Unexpected consequences of the pandemic: Cleaner air is linked to fewer myocardial Infarctions

During the virtual American Heart Association (AHA) scientific sessions in November 2021, the results of a new study highlighting the role of environmental factors in the development of cardiovascular disease were presented. During the lockdowns at the start of the 2019 coronavirus disease (COVID-19) pandemic, there was a decrease in the ST-segment elevation myocardial infarction (STEMI) incidence, but the reasons for this reduction remain a mystery. As of today, increased particulate matter 2.5 (PM 2.5) is a known risk factor for STEMI, although evidence of the reciprocal relationship (decreased PM 2.5 associated with decreased STEMI incidence) has not been shown.

The authors examined the link between air pollution and STEMI in 29 US states from January 1, 2019 to April 30, 2020, which included the lockdown period, roughly March 11 to March 30. During that time, there were virtually no vehicles on the roads or planes in the skies, and thus exhaust emissions and air pollution decreased.  They abstracted daily STEMI events from the National Emergency Medical Services (EMS) Information System (NEMSIS) database. Incidence rates (events per 10,000 person-years) were calculated using US Census population denominators by US Census Divisions. Average daily PM 2.5 data from across the US was collected from the Environmental Protection Agency (EPA) website.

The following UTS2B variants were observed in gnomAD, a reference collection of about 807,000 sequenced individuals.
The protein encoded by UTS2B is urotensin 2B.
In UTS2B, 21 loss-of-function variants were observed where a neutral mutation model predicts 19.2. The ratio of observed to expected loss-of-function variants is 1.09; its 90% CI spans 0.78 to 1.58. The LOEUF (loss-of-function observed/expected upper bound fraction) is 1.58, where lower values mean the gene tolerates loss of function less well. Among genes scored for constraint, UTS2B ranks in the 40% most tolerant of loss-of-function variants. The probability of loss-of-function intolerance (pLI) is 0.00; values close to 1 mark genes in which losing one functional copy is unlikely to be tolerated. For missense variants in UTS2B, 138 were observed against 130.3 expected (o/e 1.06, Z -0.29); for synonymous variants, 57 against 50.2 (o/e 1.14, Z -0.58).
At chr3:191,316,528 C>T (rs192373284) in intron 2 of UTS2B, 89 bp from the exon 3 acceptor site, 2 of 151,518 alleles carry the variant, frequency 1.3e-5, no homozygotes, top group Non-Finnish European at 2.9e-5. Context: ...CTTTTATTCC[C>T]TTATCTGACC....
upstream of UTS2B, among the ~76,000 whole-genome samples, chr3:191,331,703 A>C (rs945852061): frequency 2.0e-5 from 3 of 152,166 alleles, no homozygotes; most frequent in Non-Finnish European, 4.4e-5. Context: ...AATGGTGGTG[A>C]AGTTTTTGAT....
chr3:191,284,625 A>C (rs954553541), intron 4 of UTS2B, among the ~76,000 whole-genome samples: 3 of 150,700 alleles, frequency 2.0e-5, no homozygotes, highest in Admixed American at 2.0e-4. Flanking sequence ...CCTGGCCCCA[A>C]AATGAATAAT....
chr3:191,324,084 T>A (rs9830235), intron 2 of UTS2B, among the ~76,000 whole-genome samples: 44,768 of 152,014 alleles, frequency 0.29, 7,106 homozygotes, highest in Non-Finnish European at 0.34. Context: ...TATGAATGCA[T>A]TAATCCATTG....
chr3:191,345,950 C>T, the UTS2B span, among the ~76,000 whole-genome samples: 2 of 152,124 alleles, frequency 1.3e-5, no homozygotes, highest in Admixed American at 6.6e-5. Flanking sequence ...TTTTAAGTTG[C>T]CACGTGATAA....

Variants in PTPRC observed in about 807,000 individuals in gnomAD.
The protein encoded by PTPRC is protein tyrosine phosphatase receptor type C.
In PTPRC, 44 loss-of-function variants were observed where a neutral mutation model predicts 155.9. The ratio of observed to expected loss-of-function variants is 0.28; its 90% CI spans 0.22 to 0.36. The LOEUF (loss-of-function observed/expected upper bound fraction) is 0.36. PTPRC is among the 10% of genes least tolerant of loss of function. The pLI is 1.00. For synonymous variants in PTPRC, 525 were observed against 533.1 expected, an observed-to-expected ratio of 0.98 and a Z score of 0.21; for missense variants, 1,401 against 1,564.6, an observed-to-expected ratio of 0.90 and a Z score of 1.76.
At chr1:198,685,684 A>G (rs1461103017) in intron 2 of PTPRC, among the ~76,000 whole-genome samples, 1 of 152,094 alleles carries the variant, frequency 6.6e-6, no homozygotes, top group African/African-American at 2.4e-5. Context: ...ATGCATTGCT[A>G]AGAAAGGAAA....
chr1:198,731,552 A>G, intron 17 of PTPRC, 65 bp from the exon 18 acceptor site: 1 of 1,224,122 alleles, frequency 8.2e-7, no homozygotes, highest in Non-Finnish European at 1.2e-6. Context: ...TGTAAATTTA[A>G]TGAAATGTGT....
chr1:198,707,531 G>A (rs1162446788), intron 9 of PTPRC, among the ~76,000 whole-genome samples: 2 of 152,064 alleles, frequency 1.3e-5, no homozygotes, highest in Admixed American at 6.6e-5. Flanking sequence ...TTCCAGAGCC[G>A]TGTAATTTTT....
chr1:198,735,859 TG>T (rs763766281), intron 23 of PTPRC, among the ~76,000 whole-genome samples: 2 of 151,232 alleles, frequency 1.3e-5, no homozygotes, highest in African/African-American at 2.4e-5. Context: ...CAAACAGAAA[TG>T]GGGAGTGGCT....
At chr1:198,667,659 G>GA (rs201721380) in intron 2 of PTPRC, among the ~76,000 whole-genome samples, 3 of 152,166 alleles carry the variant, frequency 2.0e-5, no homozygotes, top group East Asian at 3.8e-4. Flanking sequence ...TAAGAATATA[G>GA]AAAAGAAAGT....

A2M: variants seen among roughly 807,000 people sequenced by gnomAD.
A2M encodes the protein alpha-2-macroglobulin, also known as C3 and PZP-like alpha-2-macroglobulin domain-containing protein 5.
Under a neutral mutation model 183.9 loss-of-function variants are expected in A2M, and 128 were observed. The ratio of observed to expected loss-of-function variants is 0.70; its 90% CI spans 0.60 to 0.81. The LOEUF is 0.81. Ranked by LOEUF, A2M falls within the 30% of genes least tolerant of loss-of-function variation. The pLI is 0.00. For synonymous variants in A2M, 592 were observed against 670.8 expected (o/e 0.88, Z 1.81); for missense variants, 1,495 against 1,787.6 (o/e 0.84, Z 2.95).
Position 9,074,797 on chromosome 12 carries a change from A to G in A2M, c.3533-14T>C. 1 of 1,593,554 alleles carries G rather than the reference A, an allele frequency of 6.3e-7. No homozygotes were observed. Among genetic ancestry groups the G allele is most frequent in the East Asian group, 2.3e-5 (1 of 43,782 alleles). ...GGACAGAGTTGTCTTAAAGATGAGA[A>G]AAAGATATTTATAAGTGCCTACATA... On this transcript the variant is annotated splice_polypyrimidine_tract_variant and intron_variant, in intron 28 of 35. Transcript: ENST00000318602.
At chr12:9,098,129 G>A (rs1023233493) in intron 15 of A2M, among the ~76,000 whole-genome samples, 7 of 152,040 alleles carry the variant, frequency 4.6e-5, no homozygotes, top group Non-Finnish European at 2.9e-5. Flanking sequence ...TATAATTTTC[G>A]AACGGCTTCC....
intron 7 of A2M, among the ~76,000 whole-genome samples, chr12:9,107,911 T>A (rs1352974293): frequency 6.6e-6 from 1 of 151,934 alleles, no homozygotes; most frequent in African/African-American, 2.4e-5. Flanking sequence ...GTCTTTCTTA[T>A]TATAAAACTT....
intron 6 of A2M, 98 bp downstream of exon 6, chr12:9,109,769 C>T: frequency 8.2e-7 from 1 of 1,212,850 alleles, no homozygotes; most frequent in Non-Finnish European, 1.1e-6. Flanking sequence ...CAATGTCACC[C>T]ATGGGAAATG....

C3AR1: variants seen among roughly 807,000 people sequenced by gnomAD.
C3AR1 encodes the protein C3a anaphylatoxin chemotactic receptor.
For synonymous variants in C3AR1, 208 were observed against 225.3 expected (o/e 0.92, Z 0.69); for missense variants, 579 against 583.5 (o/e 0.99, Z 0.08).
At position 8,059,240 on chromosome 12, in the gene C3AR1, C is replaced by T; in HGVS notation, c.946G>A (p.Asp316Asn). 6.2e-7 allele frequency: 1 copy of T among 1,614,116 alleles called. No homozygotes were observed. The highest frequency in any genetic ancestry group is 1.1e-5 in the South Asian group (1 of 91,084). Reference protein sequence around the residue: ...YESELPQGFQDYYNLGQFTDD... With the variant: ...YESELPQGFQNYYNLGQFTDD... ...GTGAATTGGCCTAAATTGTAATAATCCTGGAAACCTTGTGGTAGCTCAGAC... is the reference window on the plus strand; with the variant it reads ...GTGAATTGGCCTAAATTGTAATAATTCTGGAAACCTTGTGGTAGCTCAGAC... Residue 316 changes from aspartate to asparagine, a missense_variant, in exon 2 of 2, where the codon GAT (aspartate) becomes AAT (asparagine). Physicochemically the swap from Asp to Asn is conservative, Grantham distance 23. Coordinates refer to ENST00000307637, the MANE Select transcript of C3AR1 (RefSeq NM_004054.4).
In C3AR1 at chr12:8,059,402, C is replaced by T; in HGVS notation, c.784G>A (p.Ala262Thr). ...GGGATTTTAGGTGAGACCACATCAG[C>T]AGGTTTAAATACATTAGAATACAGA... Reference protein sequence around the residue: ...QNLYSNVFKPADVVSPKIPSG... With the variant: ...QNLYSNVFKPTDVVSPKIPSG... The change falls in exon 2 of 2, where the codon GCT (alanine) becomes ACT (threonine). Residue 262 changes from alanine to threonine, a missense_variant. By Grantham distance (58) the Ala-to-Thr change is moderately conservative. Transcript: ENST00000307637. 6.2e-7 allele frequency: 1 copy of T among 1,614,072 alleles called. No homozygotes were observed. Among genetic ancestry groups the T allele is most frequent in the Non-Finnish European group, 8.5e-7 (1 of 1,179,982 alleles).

There were 60,722 total STEMI events recorded during the study period. After multivariable adjustment, there were 6% less STEMIs per each 10 µg/m3 reduction in PM 2.5 (rate ratio 0.94, 95% CI 0.90-0.99, p = 0.016). Using the same multivariate adjustment, there were 373.8 less STEMIs per 10,000 person-years for each 10 µg/m3 decrease in PM 2.5 (95% CI 69.4-678.1).

This demonstration of the reciprocal relationship provides the most direct evidence that efforts to reduce ambient pollution can prevent the most severe forms of myocardial infarctions.


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